Feds slam BP for gross negligence as oil washes up on storm-wracked Gulf beaches
With weathered oil believed to be from BP's Deepwater Horizon disaster washing up across the Gulf in the wake of Hurricane Isaac and leading to the emergency closure of Louisiana beaches and fisheries, the federal government blasted the company for recent legal filings that make misleading claims about its negligence and the environmental damage it caused.
On Aug. 13, BP filed a motion for final approval of the proposed $7.8 billion settlement for economic and property damages resulting from its 2010 Deepwater Horizon disaster in the Gulf of Mexico. The U.S. Department of Justice said it had no intention of responding until it read the filing, which contained claims that the DOJ blasted as "plainly misleading."
"…[I]f the United States were to remain silent," the DOJ stated in a memorandum it filed with the court on Aug. 31, "BP later may urge that its arguments had assumed the status of agreed facts or, alternatively, that the non-settling parties somehow had waived the right to contest BP's false assertions."
David Uhlmann, a University of Michigan law professor and former chief of the DOJ's environmental crimes section, told the Associated Press that the federal government's strong language "is intended to signal its readiness to go to trial." The first phase of that trial is set to begin in January 2013.
Among BP's claims that provoked the DOJ response was that the company's actions did not constitute gross negligence. On the contrary, the DOJ pointed to a well-documented culture of corporate recklessness. It cited an email sent on April 17, 2010 -- three days before the deadly blowout that triggered the catastrophic spill -- from John Guide, a team leader for the ill-fated Macondo well, to his boss, Houston-based BP executive David Sims.
Guide wrote that the site leaders were at "wits end" and were "flying by the seat of [their] pants." He said a "huge level of paranoia from engineering leadership is driving chaos" and reported that an engineer named Brian Morel called him repeatedly "trying to make sense of all the insanity." Guide concluded, "This operation is not going to succeed if we continue in this manner."
Here's how Sims responded:
John, I've got to go to dance practice in a few minutes. Let's talk this afternoon … . We've both [been] in Brian's position before. The same goes for him. We need to remind him that this is a great learning opportunity, it will be over soon, and that the same issues -- or worse -- exist anywhere else … I'll be back soon and we can talk. We're dancing to the Village People.
DOJ noted that BP's internal investigation into the Deepwater Horizon disaster -- "which consisted of 190 pages and another 569 pages of Appendices" -- failed to mention the Guide-Sims emails, which it calls "only the merest tip of the culture of corporate recklessness that pervaded management and operation of the Macondo well." DOJ wrote:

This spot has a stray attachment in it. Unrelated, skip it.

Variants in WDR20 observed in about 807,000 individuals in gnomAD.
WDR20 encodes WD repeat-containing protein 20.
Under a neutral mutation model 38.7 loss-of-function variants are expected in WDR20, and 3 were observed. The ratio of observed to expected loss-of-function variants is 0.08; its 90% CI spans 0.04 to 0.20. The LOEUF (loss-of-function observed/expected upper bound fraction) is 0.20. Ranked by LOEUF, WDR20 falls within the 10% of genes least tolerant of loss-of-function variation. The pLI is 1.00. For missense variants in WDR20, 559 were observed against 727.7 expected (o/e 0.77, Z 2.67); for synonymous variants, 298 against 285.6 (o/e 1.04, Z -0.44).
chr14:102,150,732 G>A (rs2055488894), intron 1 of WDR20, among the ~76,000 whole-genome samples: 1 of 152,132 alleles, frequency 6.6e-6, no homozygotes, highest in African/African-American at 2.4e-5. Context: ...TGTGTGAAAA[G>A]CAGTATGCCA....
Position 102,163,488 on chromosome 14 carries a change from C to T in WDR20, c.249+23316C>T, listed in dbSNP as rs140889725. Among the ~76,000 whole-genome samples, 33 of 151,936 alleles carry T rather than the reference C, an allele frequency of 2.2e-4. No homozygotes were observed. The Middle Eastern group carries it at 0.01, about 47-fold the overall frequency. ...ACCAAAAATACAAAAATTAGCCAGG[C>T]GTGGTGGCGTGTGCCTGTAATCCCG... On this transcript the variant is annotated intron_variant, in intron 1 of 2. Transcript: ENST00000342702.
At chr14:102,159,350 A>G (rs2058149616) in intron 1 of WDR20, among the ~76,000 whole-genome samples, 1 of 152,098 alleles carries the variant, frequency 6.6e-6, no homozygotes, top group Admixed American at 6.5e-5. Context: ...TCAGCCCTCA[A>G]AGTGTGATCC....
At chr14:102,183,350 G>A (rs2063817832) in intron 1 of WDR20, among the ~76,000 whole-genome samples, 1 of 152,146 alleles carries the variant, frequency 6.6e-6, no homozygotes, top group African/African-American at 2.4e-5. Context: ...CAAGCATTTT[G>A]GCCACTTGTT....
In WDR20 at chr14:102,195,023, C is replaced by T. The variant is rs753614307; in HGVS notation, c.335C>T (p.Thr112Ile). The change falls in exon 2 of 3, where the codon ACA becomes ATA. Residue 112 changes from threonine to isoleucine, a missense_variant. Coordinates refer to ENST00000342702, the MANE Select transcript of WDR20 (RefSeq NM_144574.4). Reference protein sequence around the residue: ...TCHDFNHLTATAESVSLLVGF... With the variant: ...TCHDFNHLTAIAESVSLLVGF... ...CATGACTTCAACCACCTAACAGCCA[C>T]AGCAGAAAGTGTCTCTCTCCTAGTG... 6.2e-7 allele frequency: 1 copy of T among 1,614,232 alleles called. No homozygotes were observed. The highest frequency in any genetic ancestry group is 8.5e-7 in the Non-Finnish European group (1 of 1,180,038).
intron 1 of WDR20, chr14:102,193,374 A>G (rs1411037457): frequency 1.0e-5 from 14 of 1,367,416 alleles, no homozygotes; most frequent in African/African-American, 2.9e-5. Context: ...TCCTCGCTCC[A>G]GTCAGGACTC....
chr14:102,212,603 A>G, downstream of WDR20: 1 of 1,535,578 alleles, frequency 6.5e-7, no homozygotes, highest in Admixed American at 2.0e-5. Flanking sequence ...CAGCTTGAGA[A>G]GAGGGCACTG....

The behavior, words, and actions of these BP executives would not be tolerated in a middling size company manufacturing dry goods for sale in a suburban mall. Yet they were condoned in a corporation engaged in an activity that no less a witness than [former BP CEO] Tony Hayward himself described as comparable to exploring outer space.
The DOJ devoted 20 pages of its 39-page memorandum to detailing BP's negligence and recklessness, saying the U.S. intends to prove gross negligence or willful misconduct. Doing so would subject BP to much higher financial penalties under federal law. In addition, if the U.S. were to bring a criminal complaint for manslaughter, "gross negligence" could be a factor in defining the crime.
The DOJ also vigorously objected to BP's claim that the Gulf is "undergoing a robust recovery, further weakening claims for economic damages." It points to "severe ill health" of dolphins in Louisiana's Barataria Bay, dead and dying deep-sea corals, and heavy marsh oiling. Noting that the U.S. and five Gulf states are conducting a comprehensive Natural Resource Damage Assessment to evaluate the environmental impact of the spill, DOJ accuses the company of seeking to pre-judge the NRDA results "by inviting the Court to make factual findings on environmental injury based on BP's selective and misleading account of environmental conditions."
In a separate filing submitted to the court on Aug. 31, Alabama also blasts what it calls "BP's one-sided commentary on the factual and legal issues" surrounding the case. It asks the court to exclude factual findings regarding BP's liability and says it reserves its right to rebut BP's claims.
Meanwhile, BP is being sued for tens of millions of dollars by institutional investors who say the company misled them over its safety policies and the scale of its spill in the Gulf, The Telegraph newspaper reports. They're suing under Texas law for fraud and negligent misrepresentation.
(Louisiana Department of Wildlife and Fisheries map shows the approximately 13-mile stretch of the state's beaches that are now closed due to concerns about oil washed up by Isaac.)
Sue is the editorial director of Facing South and the Institute for Southern Studies.